Apart from editing articles themselves (which you should do before setting up the pages), give the newsletter a thorough check before printing. Look out for: Spelling mistakes; 51


Headlines with the wrong story; Missing or wrong captions for pictures. Make sure you include the name and address of your organisation somewhere.

DISTRIBUTING A NEWSLETTER You must be able to distribute your newsletter:

Quickly (before today's news becomes tomorrow's food wrapping); Efficiently; Cheaply

Distribution will probably involve many people. Involve them. If they aren't members of your organisation, they may decide to join. Give thought to lots of distribution methods. You could distribute by: Post; Personal means at meetings or other events; Inclusion in pay packets; Including the newsletter with other literature; Bundles to branch committees; Turning the newsletter into a website.
PAMPHLETS Pamphlets are usually booklets that argue a case. They are the means by which we explain the rationale behind a campaign, the values that lie behind it. You should be able to read a pamphlet in less than 30 minutes. It will usually contain one document - you might call it an essay - which develops a single, usually controversial, theme. Unlike a larger book, it will probably not contain chapters, though it will probably be broken into sections. Pamphlets are usually small - about the size of the User's guide accompanying this CDROM - and made up of a number of pages bound or stapled together. We can distinguish pamphlets from leaflets by saying that pamphlets usually contain more pages, more text, more argument. More importantly, a pamphlet is more likely to be arguing a case; a leaflet may do so, and may also be a source of useful information. In this section we look at pamphlets in terms of:

Why you might choose to produce a pamphlet Planning a pamphlet Writing the pamphlet Designing the pamphlet Producing the pamphlet



Distributing the pamphlet

PRESS RELEASES Press releases send newsworthy information to media editors. The aim of a press release is to give the editor something to work with or from. You should not aim to write the story or article for them. Sometimes organisations use press releases to inform other kinds of reader: subscribers, members, the public, other activists. When presented as a press release, the material can assume more power than a letter. On the other hand, a press release sent to an important official, minister or leader may not work as well as a personalised letter. Press releases must be accurate - but they must also sell the material. It's easier to sell one idea than many, so - as with any other kind of effective writing - focus on one idea. POSTERS Posters are fairly cheap and easy to produce. Use them to give people information about meetings, organisations, events and issues. Most posters are designed to be read quickly. They need to make their mark immediately. Others - intended for offices, libraries or other places where people have a little time to stand and read at a bus stop or railway station perhaps - can contain lots of information. Most posters mix writing, graphics and illustrations. You could consider using only one of these elements for added effect.



Annexes 1
Five More Advanced Steps to Mastering Advocacy Advocacy efforts are a major application of marketing strategy. The tools of marketing, public relations, publicity, promotion, and advertising are the tools of effective advocacy. Like marketing, advocacy tends to be cumulative in its effect. It's hard to point to individual turning points. It is more like an ongoing campaign. Building a Local Advocacy Base Advocacy is an ongoing process. In a marketing framework, it becomes clear that a strong public relations base is required to be effective. Getting to know local decision makers and being sure they are familiar with your activities is key. Then you will need to be prepared to monitor the policies and decisions that could affect you and to communicate your interests.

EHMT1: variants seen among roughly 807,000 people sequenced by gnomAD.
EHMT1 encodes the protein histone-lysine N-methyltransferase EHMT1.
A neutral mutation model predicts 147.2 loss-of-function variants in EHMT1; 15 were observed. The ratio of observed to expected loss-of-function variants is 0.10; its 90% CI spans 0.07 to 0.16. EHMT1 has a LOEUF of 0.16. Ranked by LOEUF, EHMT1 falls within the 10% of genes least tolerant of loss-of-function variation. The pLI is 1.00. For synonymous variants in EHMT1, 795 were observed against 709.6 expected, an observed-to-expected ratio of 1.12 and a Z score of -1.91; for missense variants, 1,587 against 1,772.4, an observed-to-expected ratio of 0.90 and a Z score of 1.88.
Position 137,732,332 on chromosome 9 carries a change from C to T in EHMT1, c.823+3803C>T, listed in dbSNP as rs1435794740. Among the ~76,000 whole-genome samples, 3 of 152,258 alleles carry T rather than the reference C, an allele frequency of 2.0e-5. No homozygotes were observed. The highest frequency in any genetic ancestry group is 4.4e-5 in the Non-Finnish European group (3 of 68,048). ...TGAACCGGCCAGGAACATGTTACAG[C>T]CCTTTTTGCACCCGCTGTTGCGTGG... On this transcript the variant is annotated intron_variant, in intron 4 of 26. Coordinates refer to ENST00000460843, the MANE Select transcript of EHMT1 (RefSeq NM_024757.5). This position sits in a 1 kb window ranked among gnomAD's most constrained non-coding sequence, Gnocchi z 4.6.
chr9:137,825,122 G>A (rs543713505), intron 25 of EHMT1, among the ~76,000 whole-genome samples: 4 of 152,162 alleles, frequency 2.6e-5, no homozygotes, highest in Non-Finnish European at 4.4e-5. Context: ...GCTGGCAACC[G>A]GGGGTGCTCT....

Understanding Advocacy Our political system is based on the assumption that laws and policies will change and develop over the years and that citizens will participate in the process. Elected and appointed officials make different decisions when they feel concerned citizens are watching them. Our government system relies on decision makers becoming informed on issues. Getting to the right people with facts and information about who will be affected, how they will be affected, and who cares can influence opinions, attitudes, decisions, and votes. The concept of advocacy embraces education efforts to provide information and promote understanding and lobbying action to support or oppose policies and legislation. Advocacy efforts geared at public education are fully appropriate for any organization, being careful not to exceed the limits of time and money dedicated to advocacy and lobbying outlined by the Internal Revenue Service. The advocacy activities of an organization should be distinguished from the personal political action of any individual member. Individual political involvement should be encouraged, since the contacts made through such involvement are likely to benefit the organization. While organizations cannot get involved in political campaigns, individuals can. Such activity should be separated from the activities of the organization so as not to jeopardize the legal status of a nonprofit organization. It would, of course, be desirable to have advocates as policy makers in positions of community and political leadership. Five Steps to Mastering Advocacy 1. Know the system(s). Find out which organizations, government units, and agencies that do set policies that could affect cultural development. Besides the city council and mayor or city manager, this might include the parks department and commission, the school board and department, the department of public works, and the planning 55